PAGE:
Now that the spring weather is here to stay finally in the NYC and tri-state area, you’re probably looking forward to exercising more, or at least being outdoors more often enjoying the warm weather. You’re probably thinking – “It’s time to finally dust off my flip-flops and flip-flop all around town again!” “I can’t wait to start using my old running shoes again and get more exercise in.” But in reality, your feet are really saying, “Noooo! It’s that season to be grimy, dirty, and cramp and hurt again. I hope the knees, legs, and heck, the entire body, doesn’t hate us for causing so much discomfort.” If only our bodies would be so vocal with us and say it wants healthy shoes….
You’re all aware that your feet are vital to maintaining healthy posture, but no, those high-heels, stilettos, and flip-flops are way too stylish to leave alone and collect dust in your closets. Clients often reject their Structural Integrators’ advice to slowly shorten the amount of time spent in those foreign objects called shoes over time, especially if he/she cherish their fashionable shoes so much. Because we live in the modern age and cannot traipse around barefoot, I feel clients’ mentalities are so that it’s worth ‘looking trendy,’ while bearing the discomfort, and eventually neutralize the adverse effects on the body by periodically taking care of their feet and going in for bodywork from time-to-time (read more on self foot-care here).
You see, unfashionable, impractical, and healthy shoes were an easy scapegoat for my clients to use and rationalize why they do not invest in healthier shoes, even though they experience first-hand that their stylish heels, flats, flip-flops, pointy boots, and etc., cause so much foot trouble, postural strain, and stress. I’m not here to preach or wag my finger at anyone. I wouldn’t appreciate anyone telling me how to live my life, and as a health care practitioner I can only make strong suggestions. These recommendations, however, are backed by many other practitioners and especially other everyday people (peers), who really rave about this shoe. Besides, if it means a few out of many clients understand and are willing to prolong their health and well-being, it’s worth pontificating.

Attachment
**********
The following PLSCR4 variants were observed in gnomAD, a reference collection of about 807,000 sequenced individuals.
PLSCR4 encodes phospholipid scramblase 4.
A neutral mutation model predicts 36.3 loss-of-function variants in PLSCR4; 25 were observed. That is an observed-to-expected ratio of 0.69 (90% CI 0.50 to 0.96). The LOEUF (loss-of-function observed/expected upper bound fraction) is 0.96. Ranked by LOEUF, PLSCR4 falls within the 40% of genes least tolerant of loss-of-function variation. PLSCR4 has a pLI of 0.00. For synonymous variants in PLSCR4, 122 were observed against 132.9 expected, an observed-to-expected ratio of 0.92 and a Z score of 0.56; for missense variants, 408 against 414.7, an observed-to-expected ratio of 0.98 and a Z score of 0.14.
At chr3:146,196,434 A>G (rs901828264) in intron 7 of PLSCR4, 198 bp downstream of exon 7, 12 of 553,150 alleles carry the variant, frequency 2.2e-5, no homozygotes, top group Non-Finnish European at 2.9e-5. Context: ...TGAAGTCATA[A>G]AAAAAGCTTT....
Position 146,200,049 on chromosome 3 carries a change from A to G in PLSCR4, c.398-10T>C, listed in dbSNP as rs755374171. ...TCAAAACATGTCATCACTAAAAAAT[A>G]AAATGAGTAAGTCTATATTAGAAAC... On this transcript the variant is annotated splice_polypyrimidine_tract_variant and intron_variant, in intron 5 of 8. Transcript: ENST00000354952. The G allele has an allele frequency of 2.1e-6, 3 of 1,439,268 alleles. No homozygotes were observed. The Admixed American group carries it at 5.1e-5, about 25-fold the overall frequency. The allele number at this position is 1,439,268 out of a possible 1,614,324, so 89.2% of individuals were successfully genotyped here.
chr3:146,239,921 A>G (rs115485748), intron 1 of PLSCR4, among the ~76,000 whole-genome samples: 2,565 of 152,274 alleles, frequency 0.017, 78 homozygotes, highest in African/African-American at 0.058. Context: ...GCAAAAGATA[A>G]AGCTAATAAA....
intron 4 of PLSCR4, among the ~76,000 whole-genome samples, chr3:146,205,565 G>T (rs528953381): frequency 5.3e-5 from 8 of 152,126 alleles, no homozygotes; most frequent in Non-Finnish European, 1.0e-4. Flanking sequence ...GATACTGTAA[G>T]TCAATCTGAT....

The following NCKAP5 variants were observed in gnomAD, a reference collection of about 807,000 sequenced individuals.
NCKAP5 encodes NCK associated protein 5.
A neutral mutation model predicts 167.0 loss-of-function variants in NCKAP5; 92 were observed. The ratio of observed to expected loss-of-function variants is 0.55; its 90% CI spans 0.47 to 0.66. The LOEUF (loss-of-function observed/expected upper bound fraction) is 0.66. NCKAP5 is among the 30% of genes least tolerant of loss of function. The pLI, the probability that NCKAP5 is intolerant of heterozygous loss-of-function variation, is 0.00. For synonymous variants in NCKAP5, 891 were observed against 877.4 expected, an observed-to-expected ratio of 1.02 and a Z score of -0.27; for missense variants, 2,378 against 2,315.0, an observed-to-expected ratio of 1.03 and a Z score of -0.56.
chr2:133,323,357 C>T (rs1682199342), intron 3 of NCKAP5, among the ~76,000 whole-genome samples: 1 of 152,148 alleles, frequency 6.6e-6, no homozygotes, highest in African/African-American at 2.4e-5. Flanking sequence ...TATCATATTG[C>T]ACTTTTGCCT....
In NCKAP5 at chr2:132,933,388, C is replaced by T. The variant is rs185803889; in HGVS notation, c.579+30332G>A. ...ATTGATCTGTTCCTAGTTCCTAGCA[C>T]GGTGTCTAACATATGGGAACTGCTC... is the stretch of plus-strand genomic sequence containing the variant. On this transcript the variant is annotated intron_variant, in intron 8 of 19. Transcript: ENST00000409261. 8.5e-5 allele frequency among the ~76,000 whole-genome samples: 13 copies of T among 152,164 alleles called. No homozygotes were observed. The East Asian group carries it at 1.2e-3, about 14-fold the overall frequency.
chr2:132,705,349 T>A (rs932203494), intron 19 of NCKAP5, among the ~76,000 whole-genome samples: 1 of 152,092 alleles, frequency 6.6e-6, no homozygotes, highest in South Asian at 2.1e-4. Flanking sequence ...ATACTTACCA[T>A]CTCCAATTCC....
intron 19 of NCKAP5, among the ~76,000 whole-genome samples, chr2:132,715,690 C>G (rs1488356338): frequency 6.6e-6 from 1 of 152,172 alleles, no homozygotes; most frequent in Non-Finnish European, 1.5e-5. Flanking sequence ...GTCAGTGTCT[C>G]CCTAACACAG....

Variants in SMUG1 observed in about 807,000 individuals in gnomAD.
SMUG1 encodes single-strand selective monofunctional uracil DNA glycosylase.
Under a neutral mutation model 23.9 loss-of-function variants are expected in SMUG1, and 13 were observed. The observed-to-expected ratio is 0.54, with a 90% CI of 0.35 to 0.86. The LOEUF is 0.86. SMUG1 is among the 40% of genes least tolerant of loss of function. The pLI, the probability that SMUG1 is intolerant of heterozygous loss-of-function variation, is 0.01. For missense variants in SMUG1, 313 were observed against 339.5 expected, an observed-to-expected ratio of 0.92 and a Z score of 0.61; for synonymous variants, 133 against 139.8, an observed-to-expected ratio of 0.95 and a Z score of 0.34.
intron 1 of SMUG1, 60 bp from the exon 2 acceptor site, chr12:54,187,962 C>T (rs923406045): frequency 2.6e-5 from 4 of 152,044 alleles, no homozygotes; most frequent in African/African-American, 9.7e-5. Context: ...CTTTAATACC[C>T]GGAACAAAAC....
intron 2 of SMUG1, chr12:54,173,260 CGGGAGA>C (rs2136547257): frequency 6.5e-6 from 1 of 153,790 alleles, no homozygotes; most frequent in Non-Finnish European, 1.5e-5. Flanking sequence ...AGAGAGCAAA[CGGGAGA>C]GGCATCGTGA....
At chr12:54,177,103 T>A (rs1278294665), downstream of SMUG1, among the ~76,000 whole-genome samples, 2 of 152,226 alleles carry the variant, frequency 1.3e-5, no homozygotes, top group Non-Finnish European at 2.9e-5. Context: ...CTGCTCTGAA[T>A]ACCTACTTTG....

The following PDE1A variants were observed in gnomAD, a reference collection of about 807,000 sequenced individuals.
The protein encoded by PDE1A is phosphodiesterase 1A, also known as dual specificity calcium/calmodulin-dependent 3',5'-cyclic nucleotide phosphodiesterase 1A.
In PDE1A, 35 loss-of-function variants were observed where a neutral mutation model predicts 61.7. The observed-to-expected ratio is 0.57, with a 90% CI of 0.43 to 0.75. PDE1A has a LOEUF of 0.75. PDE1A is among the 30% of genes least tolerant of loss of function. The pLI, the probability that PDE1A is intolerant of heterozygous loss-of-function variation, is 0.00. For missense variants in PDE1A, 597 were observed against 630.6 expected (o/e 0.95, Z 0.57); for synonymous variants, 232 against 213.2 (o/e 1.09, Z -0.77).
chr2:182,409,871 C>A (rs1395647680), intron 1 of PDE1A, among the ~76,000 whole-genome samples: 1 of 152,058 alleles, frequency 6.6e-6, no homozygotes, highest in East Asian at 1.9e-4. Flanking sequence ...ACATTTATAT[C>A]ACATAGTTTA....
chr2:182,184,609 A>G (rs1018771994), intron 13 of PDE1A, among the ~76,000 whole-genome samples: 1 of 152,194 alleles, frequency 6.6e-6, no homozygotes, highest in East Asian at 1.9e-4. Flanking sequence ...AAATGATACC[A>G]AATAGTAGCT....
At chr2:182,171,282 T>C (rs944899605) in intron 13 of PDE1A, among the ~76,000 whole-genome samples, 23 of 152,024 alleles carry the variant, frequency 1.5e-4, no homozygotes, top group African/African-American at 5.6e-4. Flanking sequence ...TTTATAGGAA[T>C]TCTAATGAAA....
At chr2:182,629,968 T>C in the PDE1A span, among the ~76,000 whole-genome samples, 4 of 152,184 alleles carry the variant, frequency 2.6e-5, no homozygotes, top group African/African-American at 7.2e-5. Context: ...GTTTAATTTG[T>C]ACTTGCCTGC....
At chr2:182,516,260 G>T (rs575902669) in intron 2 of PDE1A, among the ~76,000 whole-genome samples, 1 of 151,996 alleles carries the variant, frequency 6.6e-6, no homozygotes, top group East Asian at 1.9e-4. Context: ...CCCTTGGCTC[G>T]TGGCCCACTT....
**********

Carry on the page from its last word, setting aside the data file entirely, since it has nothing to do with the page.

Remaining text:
I always suggest to my clients to walk barefoot as much as possible in order to remind the body that we should rely on the natural architecture of the feet and allow freedom of movement in the foot, ankle, legs, and the whole body. The creation of the shoe has been the bane of healthy posture and movement. Once a person puts on a shoe, it stunts the free movement of the feet and the entire leg altering the way we walk, and leads to physical stress and strain throughout the body. In other words, shoes obstruct the graceful form of walking and effortless ease of movement of the body.
[fusion_builder_container hundred_percent=”yes” overflow=”visible”][fusion_builder_row][fusion_builder_column type=”1_1″ background_position=”left top” background_color=”” border_size=”” border_color=”” border_style=”solid” spacing=”yes” background_image=”” background_repeat=”no-repeat” padding=”” margin_top=”0px” margin_bottom=”0px” class=”” id=”” animation_type=”” animation_speed=”0.3″ animation_direction=”left” hide_on_mobile=”no” center_content=”no” min_height=”none”]
There is an awesome sneaker that I can stand behind and advocate strongly for your running, training, and everyday wear. You’ve probably seen people wearing them already in public – the Nike Free shoe. It is the closest thing to being barefoot offering minimal cushion and support by design. This sneaker is super light-weight, the deep grooves throughout the sole allow full range of motion of the foot and ankle, facilitates the natural grace and form of walking, and is aesthetically pleasing to the eye. Gone are the days that ‘healthier footwear’ such as Crocs and Chaco sandals were too unsightly or tacky to be seen wearing in public.
1.Strengthen your feet, legs, and lower body thereby improving overall postural health
2. Permits natural flexibility of toes, feet, and ankles by anatomical, architectural design.
3. Raises body awareness and improves balance
4. Prevents workout-related injuries, stress, and strain throughout the entire body, especially the lower half
5. Awakens sensations and engages underused areas of the foot.
6. Extremely light and comfortable, with a spacious toe-box, which replicates being barefoot.
The Nike Free line has a ton of versions for you to choose from. On a scale of 1 – 10, the number indicates the amount of sole support the shoe is made with. For example, a Nike Free 1.0 shoe has the most minimal amount of support replicating barefoot training, and a 10.0 shoe represents the most traditional type of running shoe with plenty of sole support. Also, as a sneaker enthusiast, they are produced in many colorways to represent your style and personality.
Just as its name implies, this sneaker frees your feet up to move the way they were architecturally designed to be – more barefoot-like, free, and flexible. These sneakers are produced with the intention of the customer having more control of which type of shoe to wear, not the shoe controlling the foot.
Do you own a pair of Nike Frees? What is your opinion? I would love to hear your review.